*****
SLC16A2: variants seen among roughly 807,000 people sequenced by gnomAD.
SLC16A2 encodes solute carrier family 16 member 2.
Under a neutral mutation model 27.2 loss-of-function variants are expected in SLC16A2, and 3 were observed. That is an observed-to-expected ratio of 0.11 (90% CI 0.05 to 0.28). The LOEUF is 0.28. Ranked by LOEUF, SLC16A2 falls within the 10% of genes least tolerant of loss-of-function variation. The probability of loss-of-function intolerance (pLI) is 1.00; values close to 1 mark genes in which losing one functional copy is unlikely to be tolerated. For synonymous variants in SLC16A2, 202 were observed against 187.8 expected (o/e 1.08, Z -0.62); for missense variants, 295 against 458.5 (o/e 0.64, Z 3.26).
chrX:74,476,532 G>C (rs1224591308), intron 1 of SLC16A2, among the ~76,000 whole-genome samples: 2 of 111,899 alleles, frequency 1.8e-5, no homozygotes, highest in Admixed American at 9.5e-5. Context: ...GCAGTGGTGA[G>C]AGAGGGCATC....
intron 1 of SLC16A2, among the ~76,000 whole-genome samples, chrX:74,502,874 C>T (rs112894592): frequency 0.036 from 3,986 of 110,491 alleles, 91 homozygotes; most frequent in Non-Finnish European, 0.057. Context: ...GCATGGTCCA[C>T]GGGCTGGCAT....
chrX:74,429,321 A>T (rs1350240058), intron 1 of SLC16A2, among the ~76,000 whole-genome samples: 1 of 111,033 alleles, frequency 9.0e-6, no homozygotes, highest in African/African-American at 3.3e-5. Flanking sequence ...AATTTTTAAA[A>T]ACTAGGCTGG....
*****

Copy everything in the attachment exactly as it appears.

SLC16A2: variants seen among roughly 807,000 people sequenced by gnomAD.
SLC16A2 encodes solute carrier family 16 member 2.
Under a neutral mutation model 27.2 loss-of-function variants are expected in SLC16A2, and 3 were observed. That is an observed-to-expected ratio of 0.11 (90% CI 0.05 to 0.28). The LOEUF is 0.28. Ranked by LOEUF, SLC16A2 falls within the 10% of genes least tolerant of loss-of-function variation. The probability of loss-of-function intolerance (pLI) is 1.00; values close to 1 mark genes in which losing one functional copy is unlikely to be tolerated. For synonymous variants in SLC16A2, 202 were observed against 187.8 expected (o/e 1.08, Z -0.62); for missense variants, 295 against 458.5 (o/e 0.64, Z 3.26).
chrX:74,476,532 G>C (rs1224591308), intron 1 of SLC16A2, among the ~76,000 whole-genome samples: 2 of 111,899 alleles, frequency 1.8e-5, no homozygotes, highest in Admixed American at 9.5e-5. Context: ...GCAGTGGTGA[G>C]AGAGGGCATC....
intron 1 of SLC16A2, among the ~76,000 whole-genome samples, chrX:74,502,874 C>T (rs112894592): frequency 0.036 from 3,986 of 110,491 alleles, 91 homozygotes; most frequent in Non-Finnish European, 0.057. Context: ...GCATGGTCCA[C>T]GGGCTGGCAT....
chrX:74,429,321 A>T (rs1350240058), intron 1 of SLC16A2, among the ~76,000 whole-genome samples: 1 of 111,033 alleles, frequency 9.0e-6, no homozygotes, highest in African/African-American at 3.3e-5. Flanking sequence ...AATTTTTAAA[A>T]ACTAGGCTGG....